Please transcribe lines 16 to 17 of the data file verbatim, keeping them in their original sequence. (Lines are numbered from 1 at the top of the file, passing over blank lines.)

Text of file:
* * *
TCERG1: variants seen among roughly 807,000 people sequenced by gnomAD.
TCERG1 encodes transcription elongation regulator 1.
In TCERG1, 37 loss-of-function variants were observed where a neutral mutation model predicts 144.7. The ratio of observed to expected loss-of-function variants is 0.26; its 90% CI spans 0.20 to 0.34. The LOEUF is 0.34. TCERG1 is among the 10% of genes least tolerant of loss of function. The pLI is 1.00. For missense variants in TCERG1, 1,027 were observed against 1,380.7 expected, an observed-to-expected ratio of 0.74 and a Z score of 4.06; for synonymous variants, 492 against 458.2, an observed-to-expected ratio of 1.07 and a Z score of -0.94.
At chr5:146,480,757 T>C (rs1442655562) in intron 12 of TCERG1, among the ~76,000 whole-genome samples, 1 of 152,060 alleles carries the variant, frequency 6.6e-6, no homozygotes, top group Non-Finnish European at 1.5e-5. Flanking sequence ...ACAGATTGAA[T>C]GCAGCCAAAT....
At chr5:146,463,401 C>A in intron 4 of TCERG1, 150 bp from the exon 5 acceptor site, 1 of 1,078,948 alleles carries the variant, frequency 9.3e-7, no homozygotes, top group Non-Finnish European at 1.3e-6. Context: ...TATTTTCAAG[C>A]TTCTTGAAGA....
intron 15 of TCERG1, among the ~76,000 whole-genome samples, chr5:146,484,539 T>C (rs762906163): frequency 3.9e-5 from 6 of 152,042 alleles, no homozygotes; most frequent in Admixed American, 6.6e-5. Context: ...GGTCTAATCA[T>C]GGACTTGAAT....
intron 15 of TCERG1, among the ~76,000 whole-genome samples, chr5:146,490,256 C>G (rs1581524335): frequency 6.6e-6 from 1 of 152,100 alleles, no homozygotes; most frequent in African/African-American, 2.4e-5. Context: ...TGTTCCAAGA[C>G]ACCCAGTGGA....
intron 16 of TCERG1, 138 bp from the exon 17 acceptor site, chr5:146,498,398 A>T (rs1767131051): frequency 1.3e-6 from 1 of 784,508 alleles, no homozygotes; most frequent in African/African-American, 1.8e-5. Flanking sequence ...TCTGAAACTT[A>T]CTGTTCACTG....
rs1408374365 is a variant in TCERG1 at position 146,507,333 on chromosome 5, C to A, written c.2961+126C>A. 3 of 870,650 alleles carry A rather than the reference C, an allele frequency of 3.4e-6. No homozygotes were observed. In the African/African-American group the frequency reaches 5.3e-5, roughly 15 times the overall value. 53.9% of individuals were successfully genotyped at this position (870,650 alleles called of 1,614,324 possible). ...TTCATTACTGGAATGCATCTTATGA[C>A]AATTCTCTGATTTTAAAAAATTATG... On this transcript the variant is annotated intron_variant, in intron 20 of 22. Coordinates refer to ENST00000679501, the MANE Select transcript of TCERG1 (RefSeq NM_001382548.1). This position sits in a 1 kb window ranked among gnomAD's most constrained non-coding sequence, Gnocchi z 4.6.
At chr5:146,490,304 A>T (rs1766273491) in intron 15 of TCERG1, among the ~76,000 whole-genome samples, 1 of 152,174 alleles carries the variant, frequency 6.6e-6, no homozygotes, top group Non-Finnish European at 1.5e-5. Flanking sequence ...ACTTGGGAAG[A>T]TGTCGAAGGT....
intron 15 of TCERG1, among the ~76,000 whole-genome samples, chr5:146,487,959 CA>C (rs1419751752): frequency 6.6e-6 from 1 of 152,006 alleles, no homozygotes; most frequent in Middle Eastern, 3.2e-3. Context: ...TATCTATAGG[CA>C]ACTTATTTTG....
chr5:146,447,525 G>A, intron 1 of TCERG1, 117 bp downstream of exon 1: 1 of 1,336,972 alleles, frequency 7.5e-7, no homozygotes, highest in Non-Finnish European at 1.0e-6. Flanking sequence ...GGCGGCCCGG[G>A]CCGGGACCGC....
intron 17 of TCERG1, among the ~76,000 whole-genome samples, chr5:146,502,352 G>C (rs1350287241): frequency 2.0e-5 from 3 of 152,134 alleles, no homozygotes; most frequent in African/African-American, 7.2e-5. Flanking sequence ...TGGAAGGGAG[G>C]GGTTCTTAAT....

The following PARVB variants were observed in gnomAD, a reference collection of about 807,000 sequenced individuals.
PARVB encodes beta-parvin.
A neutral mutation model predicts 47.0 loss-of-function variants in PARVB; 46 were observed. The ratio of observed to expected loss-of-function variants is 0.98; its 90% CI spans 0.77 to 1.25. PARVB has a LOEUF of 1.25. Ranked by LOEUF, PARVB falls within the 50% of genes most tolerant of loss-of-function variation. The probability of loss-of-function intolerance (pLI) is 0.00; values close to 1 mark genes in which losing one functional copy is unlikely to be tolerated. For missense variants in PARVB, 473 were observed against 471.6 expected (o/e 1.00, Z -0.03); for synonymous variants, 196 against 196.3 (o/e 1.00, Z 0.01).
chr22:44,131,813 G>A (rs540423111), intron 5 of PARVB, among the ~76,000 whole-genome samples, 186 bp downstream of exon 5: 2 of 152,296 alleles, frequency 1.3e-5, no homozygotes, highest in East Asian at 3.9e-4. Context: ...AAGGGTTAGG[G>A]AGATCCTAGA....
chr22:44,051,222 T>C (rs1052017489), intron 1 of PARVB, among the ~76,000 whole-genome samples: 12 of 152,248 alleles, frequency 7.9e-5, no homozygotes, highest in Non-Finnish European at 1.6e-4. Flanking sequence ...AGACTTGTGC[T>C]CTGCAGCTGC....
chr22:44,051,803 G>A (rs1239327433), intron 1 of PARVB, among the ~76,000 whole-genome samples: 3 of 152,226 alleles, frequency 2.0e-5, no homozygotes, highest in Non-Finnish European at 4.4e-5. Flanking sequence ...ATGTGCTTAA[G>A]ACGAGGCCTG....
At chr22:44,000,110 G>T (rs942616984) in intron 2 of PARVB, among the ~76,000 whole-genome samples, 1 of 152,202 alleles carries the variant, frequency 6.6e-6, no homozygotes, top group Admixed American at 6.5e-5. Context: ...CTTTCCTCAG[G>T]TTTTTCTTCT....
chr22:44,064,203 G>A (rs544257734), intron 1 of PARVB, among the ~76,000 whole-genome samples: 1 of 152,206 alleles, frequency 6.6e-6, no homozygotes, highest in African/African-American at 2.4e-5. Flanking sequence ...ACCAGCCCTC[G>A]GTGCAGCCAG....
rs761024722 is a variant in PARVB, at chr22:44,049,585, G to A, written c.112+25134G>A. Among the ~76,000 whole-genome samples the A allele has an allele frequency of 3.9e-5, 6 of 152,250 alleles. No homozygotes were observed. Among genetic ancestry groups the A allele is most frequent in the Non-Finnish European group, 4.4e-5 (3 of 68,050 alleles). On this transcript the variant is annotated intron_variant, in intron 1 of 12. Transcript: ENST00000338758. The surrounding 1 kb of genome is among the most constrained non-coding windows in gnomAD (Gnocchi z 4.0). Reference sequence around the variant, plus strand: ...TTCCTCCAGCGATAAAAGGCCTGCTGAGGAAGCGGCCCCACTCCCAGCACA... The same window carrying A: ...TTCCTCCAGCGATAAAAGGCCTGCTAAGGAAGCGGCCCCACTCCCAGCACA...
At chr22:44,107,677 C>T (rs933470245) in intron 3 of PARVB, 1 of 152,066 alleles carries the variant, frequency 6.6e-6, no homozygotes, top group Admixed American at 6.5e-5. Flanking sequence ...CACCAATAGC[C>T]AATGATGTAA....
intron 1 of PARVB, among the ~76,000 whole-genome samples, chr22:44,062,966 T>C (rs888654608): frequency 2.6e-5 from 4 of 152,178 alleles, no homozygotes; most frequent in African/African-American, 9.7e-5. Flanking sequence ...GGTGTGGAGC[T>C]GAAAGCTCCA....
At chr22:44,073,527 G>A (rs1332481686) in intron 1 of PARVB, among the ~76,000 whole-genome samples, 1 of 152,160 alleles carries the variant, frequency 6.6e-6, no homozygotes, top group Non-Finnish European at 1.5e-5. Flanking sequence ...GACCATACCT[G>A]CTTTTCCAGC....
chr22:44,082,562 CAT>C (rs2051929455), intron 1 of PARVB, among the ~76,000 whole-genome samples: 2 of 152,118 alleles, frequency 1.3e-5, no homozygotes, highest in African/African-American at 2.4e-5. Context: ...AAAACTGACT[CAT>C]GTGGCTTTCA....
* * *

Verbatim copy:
A neutral mutation model predicts 47.0 loss-of-function variants in PARVB; 46 were observed. The ratio of observed to expected loss-of-function variants is 0.98; its 90% CI spans 0.77 to 1.25. PARVB has a LOEUF of 1.25. Ranked by LOEUF, PARVB falls within the 50% of genes most tolerant of loss-of-function variation. The probability of loss-of-function intolerance (pLI) is 0.00; values close to 1 mark genes in which losing one functional copy is unlikely to be tolerated. For missense variants in PARVB, 473 were observed against 471.6 expected (o/e 1.00, Z -0.03); for synonymous variants, 196 against 196.3 (o/e 1.00, Z 0.01).
chr22:44,131,813 G>A (rs540423111), intron 5 of PARVB, among the ~76,000 whole-genome samples, 186 bp downstream of exon 5: 2 of 152,296 alleles, frequency 1.3e-5, no homozygotes, highest in East Asian at 3.9e-4. Context: ...AAGGGTTAGG[G>A]AGATCCTAGA....